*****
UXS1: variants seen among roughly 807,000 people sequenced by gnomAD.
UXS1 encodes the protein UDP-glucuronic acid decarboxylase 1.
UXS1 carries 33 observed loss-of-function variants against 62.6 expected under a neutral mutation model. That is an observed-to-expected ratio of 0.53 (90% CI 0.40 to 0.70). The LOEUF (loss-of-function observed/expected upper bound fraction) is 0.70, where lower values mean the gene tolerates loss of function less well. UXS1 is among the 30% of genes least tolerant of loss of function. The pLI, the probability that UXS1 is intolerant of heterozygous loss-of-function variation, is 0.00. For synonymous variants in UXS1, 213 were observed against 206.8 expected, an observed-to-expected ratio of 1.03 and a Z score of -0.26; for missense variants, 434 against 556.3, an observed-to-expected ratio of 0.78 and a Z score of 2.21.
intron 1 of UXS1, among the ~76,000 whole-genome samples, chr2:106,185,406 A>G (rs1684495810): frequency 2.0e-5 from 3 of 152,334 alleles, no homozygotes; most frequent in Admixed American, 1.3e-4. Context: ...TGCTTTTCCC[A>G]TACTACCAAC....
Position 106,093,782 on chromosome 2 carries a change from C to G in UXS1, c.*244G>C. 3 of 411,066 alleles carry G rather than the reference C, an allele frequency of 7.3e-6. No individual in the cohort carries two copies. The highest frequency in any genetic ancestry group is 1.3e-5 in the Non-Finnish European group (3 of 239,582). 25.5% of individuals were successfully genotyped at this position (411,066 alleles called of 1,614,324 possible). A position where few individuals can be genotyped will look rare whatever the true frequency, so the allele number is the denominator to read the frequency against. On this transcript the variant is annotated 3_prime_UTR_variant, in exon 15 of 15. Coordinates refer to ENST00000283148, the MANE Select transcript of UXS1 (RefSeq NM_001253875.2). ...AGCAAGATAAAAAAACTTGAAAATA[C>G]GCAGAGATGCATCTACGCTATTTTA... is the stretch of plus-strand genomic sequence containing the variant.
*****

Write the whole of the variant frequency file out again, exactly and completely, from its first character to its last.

UXS1: variants seen among roughly 807,000 people sequenced by gnomAD.
UXS1 encodes the protein UDP-glucuronic acid decarboxylase 1.
UXS1 carries 33 observed loss-of-function variants against 62.6 expected under a neutral mutation model. That is an observed-to-expected ratio of 0.53 (90% CI 0.40 to 0.70). The LOEUF (loss-of-function observed/expected upper bound fraction) is 0.70, where lower values mean the gene tolerates loss of function less well. UXS1 is among the 30% of genes least tolerant of loss of function. The pLI, the probability that UXS1 is intolerant of heterozygous loss-of-function variation, is 0.00. For synonymous variants in UXS1, 213 were observed against 206.8 expected, an observed-to-expected ratio of 1.03 and a Z score of -0.26; for missense variants, 434 against 556.3, an observed-to-expected ratio of 0.78 and a Z score of 2.21.
intron 1 of UXS1, among the ~76,000 whole-genome samples, chr2:106,185,406 A>G (rs1684495810): frequency 2.0e-5 from 3 of 152,334 alleles, no homozygotes; most frequent in Admixed American, 1.3e-4. Context: ...TGCTTTTCCC[A>G]TACTACCAAC....
Position 106,093,782 on chromosome 2 carries a change from C to G in UXS1, c.*244G>C. 3 of 411,066 alleles carry G rather than the reference C, an allele frequency of 7.3e-6. No individual in the cohort carries two copies. The highest frequency in any genetic ancestry group is 1.3e-5 in the Non-Finnish European group (3 of 239,582). 25.5% of individuals were successfully genotyped at this position (411,066 alleles called of 1,614,324 possible). A position where few individuals can be genotyped will look rare whatever the true frequency, so the allele number is the denominator to read the frequency against. On this transcript the variant is annotated 3_prime_UTR_variant, in exon 15 of 15. Coordinates refer to ENST00000283148, the MANE Select transcript of UXS1 (RefSeq NM_001253875.2). ...AGCAAGATAAAAAAACTTGAAAATA[C>G]GCAGAGATGCATCTACGCTATTTTA... is the stretch of plus-strand genomic sequence containing the variant.